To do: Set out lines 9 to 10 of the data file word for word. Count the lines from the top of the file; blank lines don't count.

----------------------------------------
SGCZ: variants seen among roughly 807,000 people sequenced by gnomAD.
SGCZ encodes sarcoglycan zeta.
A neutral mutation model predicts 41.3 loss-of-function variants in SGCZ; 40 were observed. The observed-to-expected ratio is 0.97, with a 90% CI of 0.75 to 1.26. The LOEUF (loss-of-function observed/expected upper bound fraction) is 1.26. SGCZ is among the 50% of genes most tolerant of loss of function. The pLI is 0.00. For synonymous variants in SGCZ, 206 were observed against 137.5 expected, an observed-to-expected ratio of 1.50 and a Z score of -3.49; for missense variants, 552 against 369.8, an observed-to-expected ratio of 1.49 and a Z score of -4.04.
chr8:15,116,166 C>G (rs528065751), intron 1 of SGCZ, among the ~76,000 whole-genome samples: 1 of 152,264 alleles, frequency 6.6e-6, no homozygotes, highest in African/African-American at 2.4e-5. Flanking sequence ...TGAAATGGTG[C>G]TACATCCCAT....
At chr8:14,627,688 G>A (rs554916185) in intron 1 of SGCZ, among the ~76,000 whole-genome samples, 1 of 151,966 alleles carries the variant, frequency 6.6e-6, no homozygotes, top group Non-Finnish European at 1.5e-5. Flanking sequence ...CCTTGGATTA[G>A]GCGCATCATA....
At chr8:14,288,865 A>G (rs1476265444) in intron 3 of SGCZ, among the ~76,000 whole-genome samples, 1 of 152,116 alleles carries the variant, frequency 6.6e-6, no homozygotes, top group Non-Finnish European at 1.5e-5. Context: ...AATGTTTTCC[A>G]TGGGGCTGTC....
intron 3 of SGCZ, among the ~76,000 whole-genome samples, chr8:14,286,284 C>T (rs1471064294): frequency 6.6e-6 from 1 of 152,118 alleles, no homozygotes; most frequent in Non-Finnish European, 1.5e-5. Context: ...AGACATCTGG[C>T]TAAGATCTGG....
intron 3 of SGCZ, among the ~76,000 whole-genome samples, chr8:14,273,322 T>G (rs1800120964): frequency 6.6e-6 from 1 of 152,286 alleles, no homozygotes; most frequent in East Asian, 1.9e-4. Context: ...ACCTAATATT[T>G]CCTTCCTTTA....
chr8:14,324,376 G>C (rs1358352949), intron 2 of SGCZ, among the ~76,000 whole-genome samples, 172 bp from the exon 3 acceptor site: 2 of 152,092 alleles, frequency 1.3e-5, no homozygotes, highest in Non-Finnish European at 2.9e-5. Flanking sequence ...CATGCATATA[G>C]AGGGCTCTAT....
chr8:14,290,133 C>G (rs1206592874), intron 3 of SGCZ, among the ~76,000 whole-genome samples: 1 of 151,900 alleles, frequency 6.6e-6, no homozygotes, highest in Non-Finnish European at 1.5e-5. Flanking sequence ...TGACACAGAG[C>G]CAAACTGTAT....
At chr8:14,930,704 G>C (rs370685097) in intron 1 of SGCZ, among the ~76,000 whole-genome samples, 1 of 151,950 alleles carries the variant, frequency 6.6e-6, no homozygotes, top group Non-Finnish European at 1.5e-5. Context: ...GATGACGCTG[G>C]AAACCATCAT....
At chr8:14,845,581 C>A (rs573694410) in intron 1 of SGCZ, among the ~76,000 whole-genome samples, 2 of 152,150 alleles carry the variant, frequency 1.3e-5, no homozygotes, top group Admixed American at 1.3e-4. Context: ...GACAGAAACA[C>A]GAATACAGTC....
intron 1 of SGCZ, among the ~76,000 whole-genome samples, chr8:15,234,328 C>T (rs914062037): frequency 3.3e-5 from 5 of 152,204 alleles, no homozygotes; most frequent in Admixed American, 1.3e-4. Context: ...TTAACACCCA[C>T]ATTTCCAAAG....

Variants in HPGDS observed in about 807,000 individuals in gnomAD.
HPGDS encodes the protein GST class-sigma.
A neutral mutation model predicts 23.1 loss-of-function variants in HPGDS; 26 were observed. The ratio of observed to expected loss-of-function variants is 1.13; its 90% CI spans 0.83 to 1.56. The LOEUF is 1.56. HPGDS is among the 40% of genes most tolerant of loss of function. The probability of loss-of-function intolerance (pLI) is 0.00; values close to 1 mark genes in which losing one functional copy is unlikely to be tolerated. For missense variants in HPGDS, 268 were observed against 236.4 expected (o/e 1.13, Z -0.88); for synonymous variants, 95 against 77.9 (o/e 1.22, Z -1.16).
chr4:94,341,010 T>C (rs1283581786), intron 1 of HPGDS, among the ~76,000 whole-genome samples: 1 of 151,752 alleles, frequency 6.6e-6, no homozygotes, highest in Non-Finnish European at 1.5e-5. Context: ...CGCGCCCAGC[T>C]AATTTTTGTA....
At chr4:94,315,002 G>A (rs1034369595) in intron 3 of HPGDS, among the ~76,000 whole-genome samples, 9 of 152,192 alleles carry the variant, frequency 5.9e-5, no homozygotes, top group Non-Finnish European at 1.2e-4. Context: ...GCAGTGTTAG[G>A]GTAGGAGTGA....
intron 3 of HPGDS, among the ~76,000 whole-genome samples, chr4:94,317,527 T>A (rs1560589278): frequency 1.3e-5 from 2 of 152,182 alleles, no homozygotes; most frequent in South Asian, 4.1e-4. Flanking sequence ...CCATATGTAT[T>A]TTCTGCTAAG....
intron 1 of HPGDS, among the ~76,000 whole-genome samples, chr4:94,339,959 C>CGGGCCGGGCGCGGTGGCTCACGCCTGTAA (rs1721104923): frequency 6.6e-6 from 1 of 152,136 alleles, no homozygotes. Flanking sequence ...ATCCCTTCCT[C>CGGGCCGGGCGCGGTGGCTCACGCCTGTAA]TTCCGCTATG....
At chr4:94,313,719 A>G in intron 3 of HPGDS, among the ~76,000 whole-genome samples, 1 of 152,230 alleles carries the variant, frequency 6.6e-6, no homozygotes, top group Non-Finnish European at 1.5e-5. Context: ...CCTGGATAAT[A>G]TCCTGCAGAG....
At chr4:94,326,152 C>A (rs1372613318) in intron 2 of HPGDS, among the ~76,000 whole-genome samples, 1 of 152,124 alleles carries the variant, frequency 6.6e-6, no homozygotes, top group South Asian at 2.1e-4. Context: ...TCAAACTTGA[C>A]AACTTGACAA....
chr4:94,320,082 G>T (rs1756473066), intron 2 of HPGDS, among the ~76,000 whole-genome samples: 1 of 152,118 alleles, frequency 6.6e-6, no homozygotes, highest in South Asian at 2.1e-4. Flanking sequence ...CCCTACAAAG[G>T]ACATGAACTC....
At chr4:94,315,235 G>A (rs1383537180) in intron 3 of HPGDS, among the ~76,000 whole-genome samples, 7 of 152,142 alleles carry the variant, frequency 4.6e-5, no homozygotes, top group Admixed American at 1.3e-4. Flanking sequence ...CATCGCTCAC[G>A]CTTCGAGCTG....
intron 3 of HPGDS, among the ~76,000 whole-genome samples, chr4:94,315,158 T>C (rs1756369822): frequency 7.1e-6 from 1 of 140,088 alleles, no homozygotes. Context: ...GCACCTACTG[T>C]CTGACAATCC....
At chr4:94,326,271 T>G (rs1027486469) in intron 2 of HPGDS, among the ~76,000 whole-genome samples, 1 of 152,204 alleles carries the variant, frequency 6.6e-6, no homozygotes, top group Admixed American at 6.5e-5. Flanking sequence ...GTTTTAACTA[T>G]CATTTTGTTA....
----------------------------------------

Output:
chr8:14,324,376 G>C (rs1358352949), intron 2 of SGCZ, among the ~76,000 whole-genome samples, 172 bp from the exon 3 acceptor site: 2 of 152,092 alleles, frequency 1.3e-5, no homozygotes, highest in Non-Finnish European at 2.9e-5. Flanking sequence ...CATGCATATA[G>C]AGGGCTCTAT....
chr8:14,290,133 C>G (rs1206592874), intron 3 of SGCZ, among the ~76,000 whole-genome samples: 1 of 151,900 alleles, frequency 6.6e-6, no homozygotes, highest in Non-Finnish European at 1.5e-5. Flanking sequence ...TGACACAGAG[C>G]CAAACTGTAT....